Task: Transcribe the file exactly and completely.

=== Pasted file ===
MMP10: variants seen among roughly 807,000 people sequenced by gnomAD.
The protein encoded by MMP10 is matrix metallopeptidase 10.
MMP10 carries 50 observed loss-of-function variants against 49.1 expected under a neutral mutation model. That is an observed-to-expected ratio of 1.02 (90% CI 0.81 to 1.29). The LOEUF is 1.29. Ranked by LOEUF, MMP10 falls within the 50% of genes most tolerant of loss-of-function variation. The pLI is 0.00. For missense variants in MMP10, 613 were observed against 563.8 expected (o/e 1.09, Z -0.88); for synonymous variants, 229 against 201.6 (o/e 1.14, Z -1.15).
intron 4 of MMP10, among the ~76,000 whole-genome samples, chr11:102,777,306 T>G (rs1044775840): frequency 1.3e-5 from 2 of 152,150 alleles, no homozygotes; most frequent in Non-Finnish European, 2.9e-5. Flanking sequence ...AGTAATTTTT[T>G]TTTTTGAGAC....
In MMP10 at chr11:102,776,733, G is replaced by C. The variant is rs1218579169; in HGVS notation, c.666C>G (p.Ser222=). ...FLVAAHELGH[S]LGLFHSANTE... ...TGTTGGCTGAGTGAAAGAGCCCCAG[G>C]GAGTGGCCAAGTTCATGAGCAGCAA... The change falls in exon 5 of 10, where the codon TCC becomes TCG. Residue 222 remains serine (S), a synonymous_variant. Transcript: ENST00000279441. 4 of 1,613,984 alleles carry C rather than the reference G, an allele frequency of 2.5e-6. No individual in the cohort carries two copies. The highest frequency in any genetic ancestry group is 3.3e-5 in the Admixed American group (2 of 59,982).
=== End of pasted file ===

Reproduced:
MMP10: variants seen among roughly 807,000 people sequenced by gnomAD.
The protein encoded by MMP10 is matrix metallopeptidase 10.
MMP10 carries 50 observed loss-of-function variants against 49.1 expected under a neutral mutation model. That is an observed-to-expected ratio of 1.02 (90% CI 0.81 to 1.29). The LOEUF is 1.29. Ranked by LOEUF, MMP10 falls within the 50% of genes most tolerant of loss-of-function variation. The pLI is 0.00. For missense variants in MMP10, 613 were observed against 563.8 expected (o/e 1.09, Z -0.88); for synonymous variants, 229 against 201.6 (o/e 1.14, Z -1.15).
intron 4 of MMP10, among the ~76,000 whole-genome samples, chr11:102,777,306 T>G (rs1044775840): frequency 1.3e-5 from 2 of 152,150 alleles, no homozygotes; most frequent in Non-Finnish European, 2.9e-5. Flanking sequence ...AGTAATTTTT[T>G]TTTTTGAGAC....
In MMP10 at chr11:102,776,733, G is replaced by C. The variant is rs1218579169; in HGVS notation, c.666C>G (p.Ser222=). ...FLVAAHELGH[S]LGLFHSANTE... ...TGTTGGCTGAGTGAAAGAGCCCCAG[G>C]GAGTGGCCAAGTTCATGAGCAGCAA... The change falls in exon 5 of 10, where the codon TCC becomes TCG. Residue 222 remains serine (S), a synonymous_variant. Transcript: ENST00000279441. 4 of 1,613,984 alleles carry C rather than the reference G, an allele frequency of 2.5e-6. No individual in the cohort carries two copies. The highest frequency in any genetic ancestry group is 3.3e-5 in the Admixed American group (2 of 59,982).